PHI Data Security at Risk in Medtronic’s N’Vision Programmer

PHI Data Security at Risk in Medtronic’s N’Vision Programmer

NCCIC recommends that users minimize network exposure for all control system devices and systems and ensure that they are not accessible from the Internet after a vulnerability discovered in Medtronic’s  N’Vision. 

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The handheld 8840 N’Vision clinical programmer is used to program Medtronic neuromodulation devices.

The vulnerability was discovered by Billy Rios of Whitescope, who reported it to the National Cybersecurity and Communications Integration Center (NCCIC).

Medtronic said it is not developing a product update to address the vulnerability because physical access to the programmer and card is needed to exploit the vulnerability and because these devices are only intended for healthcare practitioners.

Instead, Medtronic is advising hospitals and clinicians to:

• Maintain strict physical control of the application card

• Use only 8870 application cards and not cards provided by any third party as firmware and system updates are provided directly by Medtronic using new 8870 application cards

• Return application cards to Medtronic when no longer in use or dispose of cards properly

“The application card stores PHI and PII as part of its normal operating procedure and should be handled, managed and secured in a manner consistent with the applicable laws for patient data privacy,” said Medtronic in its security bulletin.

NCCIC recommends that users minimize network exposure for all control system devices and systems and ensure that they are not accessible from the Internet, as well as locate control system networks behind firewalls and isolate them from the business network.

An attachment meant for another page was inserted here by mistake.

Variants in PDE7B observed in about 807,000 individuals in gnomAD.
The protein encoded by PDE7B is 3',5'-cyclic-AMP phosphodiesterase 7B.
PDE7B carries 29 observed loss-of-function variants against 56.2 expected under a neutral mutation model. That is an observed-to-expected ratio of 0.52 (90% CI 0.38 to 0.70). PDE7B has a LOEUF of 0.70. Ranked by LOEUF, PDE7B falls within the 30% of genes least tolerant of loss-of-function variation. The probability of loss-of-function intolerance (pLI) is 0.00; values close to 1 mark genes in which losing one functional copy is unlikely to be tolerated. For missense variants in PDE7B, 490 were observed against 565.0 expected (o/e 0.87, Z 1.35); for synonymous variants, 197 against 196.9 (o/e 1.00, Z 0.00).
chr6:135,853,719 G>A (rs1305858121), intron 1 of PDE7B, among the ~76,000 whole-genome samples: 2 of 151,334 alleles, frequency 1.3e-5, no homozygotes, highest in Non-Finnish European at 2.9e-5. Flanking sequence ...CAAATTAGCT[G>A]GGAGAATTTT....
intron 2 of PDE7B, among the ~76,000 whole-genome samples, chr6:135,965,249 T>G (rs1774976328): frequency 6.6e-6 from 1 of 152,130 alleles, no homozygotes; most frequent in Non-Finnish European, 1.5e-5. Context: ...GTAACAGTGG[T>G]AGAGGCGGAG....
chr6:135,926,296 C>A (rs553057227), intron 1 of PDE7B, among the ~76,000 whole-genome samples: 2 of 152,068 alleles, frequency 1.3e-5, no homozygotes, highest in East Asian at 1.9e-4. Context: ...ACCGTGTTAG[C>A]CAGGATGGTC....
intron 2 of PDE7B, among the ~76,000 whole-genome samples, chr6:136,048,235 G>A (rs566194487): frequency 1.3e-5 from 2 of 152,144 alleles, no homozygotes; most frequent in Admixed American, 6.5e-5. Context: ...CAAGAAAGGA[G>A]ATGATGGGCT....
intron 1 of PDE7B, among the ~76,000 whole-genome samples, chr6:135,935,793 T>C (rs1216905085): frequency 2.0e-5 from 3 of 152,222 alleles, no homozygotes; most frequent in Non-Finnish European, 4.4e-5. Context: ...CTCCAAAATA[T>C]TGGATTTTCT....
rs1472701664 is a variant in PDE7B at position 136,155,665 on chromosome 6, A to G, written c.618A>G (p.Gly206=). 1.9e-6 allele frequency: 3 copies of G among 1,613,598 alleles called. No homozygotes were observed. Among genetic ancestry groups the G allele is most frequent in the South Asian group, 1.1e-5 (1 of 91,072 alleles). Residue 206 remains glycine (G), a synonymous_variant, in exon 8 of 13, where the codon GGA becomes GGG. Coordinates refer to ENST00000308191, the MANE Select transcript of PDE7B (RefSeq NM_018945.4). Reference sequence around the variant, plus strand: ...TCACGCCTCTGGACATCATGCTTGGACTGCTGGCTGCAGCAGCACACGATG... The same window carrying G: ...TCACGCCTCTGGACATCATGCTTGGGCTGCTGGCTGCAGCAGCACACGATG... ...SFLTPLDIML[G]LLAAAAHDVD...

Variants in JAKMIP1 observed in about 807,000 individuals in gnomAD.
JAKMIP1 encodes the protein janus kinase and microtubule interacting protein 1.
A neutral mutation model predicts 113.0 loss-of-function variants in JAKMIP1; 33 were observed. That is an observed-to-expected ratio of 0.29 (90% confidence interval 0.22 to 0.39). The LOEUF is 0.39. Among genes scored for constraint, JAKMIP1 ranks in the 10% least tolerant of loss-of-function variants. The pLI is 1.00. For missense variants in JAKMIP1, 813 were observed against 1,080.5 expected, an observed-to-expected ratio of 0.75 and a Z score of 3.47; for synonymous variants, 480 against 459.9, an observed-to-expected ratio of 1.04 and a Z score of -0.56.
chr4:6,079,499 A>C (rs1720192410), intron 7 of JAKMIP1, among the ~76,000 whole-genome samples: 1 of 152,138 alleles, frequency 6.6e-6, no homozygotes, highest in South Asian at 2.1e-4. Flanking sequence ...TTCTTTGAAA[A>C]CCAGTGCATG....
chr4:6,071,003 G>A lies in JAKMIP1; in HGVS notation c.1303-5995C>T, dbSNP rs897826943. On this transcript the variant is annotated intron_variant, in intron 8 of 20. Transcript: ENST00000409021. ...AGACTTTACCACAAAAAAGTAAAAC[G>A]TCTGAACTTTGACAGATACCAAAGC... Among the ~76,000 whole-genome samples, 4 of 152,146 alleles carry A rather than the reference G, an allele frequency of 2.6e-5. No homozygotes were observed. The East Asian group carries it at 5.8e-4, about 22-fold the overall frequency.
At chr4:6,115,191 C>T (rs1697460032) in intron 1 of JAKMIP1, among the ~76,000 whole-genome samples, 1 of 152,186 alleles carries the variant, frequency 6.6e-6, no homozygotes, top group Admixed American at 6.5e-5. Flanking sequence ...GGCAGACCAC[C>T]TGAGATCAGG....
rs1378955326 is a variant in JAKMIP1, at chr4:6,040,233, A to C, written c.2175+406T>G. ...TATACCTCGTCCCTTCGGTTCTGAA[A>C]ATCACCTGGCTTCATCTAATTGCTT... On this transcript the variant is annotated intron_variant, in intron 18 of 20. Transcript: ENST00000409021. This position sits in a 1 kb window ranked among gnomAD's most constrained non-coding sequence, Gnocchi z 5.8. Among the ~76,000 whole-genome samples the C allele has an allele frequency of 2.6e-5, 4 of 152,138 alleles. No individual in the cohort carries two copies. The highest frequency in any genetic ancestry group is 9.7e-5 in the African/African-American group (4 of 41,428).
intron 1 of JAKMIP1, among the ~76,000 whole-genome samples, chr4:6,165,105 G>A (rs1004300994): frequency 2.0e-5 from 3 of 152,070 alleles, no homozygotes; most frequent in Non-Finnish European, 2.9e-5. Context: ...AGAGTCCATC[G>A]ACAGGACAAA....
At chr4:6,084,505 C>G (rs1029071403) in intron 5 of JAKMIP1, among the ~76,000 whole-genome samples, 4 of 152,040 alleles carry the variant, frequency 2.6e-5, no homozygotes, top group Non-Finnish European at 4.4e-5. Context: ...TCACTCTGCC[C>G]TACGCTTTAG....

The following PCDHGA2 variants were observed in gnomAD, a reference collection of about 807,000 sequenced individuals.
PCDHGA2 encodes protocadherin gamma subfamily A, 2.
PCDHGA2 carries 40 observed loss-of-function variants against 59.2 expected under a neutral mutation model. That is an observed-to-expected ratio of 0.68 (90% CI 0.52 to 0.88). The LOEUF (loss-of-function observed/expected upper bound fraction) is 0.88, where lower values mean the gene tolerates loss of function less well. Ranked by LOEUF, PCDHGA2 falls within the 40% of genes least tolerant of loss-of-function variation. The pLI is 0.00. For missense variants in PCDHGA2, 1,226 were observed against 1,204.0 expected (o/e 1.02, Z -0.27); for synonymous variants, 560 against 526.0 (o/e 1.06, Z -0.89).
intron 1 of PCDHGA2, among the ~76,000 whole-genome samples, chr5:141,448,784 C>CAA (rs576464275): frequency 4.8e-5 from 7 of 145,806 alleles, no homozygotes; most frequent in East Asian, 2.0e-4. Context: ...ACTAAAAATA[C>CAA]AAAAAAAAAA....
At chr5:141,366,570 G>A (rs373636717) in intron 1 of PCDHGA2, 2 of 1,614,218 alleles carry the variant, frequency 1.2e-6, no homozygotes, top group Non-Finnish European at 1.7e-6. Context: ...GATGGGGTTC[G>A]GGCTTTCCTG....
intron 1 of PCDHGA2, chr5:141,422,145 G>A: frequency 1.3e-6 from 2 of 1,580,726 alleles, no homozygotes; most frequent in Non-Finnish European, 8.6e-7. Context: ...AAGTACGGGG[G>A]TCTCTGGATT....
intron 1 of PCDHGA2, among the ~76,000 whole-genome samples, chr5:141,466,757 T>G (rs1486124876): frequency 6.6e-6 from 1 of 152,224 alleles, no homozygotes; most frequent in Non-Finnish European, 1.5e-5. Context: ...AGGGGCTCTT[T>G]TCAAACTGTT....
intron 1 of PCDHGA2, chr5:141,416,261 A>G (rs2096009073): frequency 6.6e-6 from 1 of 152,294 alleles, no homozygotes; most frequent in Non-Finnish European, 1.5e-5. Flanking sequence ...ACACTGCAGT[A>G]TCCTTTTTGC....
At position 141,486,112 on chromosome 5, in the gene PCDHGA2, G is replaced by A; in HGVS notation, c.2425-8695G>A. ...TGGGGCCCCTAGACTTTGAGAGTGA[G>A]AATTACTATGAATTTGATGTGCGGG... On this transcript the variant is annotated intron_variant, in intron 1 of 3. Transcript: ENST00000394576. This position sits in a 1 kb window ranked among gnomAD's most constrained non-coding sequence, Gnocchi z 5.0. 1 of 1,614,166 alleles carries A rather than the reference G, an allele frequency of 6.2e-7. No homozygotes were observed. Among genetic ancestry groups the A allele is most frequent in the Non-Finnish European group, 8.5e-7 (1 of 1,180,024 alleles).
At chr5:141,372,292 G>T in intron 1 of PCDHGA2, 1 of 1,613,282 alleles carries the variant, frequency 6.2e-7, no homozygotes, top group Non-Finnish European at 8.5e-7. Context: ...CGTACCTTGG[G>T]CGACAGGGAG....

Separately, ICS-CERT issued an advisory on a vulnerability in BD Kiestra and InoquIA+ microbiology laboratory automation equipment that could result in loss or corruption of data.

A vulnerability in DB Manager and PerformA allows an authorized user with access to a privileged account on a BD Kiestra system to issue SQL commands, which may result in data corruption, the ICS-CERT advisory explained.

BD intends to remove the functionality to trigger SQL functions in DB Manager, PerformA, and ReadA by July 2018.

Until mitigations are in place, BD recommends the following compensating controls:

DB Manager: When configuring new programs through the ‘Configuring Programs’ function in DB Manager, users are advised not to re-use current programs through the export-import function, but to set up a new program or use the predefined program templates.

Users should ensure that only authorized and qualified personnel, such as lab managers and supervisors, have access control rights to all functions in the DB Manager. This can be configured through the ‘Users’ function in DB Manager. For details about setting the appropriate user access control in DB Manager, consult the respective device manual.

ReadA Overview: Users are advised to set the ‘Users’ function for all users to ‘none’ for access to ReadA Overview, if the application is not used or not commonly used. This can be configured through the ‘Users’ function in DB Manager. If use of ReadA Overview is necessary, users are advised to ensure only authorized and qualified personnel, such as lab managers and/or lab supervisors, have access control rights to all functions in ReadA Overview. This can be configured through the ‘Users’ function in DB Manager. For details about setting the appropriate user access control in DB Manager, consult the respective device manual.

PerformA: Users are advised to ensure access to BD Kiestra servers are closely monitored while continuing to implement best security practices to effectively prevent unauthorized access to BD Kiestra Systems.

“This vulnerability has been assessed for patient safety by BD and represents a controlled risk with low probability of harm to the patient directly,” BD said in its security bulletin.

“If this particular functionality were to be exposed due to misuse or malicious abuse, this could lead to a loss of data or corruption of data. This could potentially cause a delay in test results being reported to the clinician, which could lead to a delay in diagnosis and/or treatment,” BD added.

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